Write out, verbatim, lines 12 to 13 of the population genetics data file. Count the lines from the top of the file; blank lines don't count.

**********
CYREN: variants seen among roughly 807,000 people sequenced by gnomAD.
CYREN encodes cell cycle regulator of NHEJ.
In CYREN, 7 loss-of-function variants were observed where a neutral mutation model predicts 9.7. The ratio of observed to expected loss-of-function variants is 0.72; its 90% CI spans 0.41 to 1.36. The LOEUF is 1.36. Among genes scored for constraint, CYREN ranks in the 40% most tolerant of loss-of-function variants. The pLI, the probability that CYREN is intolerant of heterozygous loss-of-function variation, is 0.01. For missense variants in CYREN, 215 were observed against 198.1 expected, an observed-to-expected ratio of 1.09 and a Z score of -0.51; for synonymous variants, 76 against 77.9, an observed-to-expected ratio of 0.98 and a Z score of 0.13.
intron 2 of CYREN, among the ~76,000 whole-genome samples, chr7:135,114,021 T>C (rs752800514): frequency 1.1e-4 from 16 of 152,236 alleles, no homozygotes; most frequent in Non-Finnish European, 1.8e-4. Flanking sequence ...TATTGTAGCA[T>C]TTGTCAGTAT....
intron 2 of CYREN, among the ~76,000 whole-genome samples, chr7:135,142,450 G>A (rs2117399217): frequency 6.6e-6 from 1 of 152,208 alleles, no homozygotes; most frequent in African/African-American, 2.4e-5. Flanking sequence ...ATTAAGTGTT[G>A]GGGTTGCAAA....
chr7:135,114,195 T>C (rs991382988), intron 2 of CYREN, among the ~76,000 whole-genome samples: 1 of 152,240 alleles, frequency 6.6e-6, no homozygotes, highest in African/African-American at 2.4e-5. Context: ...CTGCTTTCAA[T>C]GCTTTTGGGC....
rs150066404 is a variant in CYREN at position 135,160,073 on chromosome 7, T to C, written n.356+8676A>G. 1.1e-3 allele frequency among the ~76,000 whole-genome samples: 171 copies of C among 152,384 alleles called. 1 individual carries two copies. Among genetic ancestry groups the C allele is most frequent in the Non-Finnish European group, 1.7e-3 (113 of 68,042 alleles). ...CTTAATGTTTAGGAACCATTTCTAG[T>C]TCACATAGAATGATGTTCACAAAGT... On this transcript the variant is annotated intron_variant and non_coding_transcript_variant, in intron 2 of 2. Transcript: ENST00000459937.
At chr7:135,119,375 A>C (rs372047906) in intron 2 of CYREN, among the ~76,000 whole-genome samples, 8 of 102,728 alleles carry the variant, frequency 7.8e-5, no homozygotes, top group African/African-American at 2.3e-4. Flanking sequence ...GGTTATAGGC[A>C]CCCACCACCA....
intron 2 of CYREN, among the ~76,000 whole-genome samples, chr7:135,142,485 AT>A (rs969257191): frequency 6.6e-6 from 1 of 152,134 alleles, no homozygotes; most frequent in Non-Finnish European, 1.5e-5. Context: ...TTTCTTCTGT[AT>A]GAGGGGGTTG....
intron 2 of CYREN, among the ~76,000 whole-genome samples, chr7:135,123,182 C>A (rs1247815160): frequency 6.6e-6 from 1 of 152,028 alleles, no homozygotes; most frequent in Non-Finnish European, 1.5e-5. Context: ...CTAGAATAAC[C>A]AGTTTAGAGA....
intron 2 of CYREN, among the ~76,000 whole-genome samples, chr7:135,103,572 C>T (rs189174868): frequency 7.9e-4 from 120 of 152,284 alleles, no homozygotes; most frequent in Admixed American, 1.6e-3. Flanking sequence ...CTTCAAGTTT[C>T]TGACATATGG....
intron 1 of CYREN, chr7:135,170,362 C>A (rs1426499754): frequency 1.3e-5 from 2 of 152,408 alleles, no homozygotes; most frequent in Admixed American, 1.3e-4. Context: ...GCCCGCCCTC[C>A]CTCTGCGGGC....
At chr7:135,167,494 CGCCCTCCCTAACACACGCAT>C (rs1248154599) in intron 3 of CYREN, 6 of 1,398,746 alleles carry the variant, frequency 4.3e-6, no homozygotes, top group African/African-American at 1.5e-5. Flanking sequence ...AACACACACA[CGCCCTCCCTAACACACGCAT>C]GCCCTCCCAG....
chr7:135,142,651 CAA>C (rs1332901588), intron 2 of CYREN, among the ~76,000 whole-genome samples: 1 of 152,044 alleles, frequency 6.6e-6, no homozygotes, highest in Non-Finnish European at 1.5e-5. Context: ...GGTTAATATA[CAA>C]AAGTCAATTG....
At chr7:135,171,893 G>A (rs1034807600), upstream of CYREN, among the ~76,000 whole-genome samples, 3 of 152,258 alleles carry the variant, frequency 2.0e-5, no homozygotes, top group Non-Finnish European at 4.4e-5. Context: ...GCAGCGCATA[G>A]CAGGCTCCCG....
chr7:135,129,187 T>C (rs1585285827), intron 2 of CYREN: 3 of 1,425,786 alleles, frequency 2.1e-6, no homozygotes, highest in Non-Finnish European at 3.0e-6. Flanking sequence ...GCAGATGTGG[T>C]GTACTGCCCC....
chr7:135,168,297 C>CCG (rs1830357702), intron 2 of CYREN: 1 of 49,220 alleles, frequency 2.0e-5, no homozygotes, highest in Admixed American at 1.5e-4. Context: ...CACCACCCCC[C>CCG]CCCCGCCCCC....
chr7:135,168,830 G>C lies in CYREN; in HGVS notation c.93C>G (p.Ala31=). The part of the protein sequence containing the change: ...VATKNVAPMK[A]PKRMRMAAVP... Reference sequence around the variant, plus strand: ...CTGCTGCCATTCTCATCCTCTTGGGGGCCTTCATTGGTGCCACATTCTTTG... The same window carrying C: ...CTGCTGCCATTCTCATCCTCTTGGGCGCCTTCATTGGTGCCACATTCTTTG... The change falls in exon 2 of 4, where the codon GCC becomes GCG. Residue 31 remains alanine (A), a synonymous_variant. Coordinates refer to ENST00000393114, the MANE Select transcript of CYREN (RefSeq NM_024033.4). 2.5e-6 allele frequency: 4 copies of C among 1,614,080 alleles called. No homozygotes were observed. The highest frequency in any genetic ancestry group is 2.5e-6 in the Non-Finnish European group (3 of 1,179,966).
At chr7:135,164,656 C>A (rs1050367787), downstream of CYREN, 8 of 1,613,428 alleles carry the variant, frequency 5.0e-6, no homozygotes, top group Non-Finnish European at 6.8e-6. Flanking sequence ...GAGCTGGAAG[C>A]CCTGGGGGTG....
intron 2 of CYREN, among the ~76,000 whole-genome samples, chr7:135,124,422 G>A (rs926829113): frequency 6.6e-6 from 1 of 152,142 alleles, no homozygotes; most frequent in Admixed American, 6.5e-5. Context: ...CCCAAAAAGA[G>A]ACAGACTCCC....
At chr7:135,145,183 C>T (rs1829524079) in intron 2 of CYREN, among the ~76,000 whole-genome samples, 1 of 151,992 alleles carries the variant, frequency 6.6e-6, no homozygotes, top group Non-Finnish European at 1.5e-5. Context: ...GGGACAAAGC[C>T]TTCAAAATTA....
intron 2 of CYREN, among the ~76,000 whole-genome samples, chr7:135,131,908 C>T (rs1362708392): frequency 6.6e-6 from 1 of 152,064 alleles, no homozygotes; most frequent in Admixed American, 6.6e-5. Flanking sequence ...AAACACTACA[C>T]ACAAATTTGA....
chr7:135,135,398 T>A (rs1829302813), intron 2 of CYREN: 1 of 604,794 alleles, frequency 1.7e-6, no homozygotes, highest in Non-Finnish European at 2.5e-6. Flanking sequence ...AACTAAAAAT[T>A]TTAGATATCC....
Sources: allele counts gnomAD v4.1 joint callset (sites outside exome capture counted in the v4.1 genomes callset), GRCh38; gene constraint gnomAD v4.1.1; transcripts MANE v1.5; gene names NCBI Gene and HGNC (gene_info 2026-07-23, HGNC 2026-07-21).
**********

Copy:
intron 1 of CYREN, chr7:135,170,362 C>A (rs1426499754): frequency 1.3e-5 from 2 of 152,408 alleles, no homozygotes; most frequent in Admixed American, 1.3e-4. Context: ...GCCCGCCCTC[C>A]CTCTGCGGGC....
At chr7:135,167,494 CGCCCTCCCTAACACACGCAT>C (rs1248154599) in intron 3 of CYREN, 6 of 1,398,746 alleles carry the variant, frequency 4.3e-6, no homozygotes, top group African/African-American at 1.5e-5. Flanking sequence ...AACACACACA[CGCCCTCCCTAACACACGCAT>C]GCCCTCCCAG....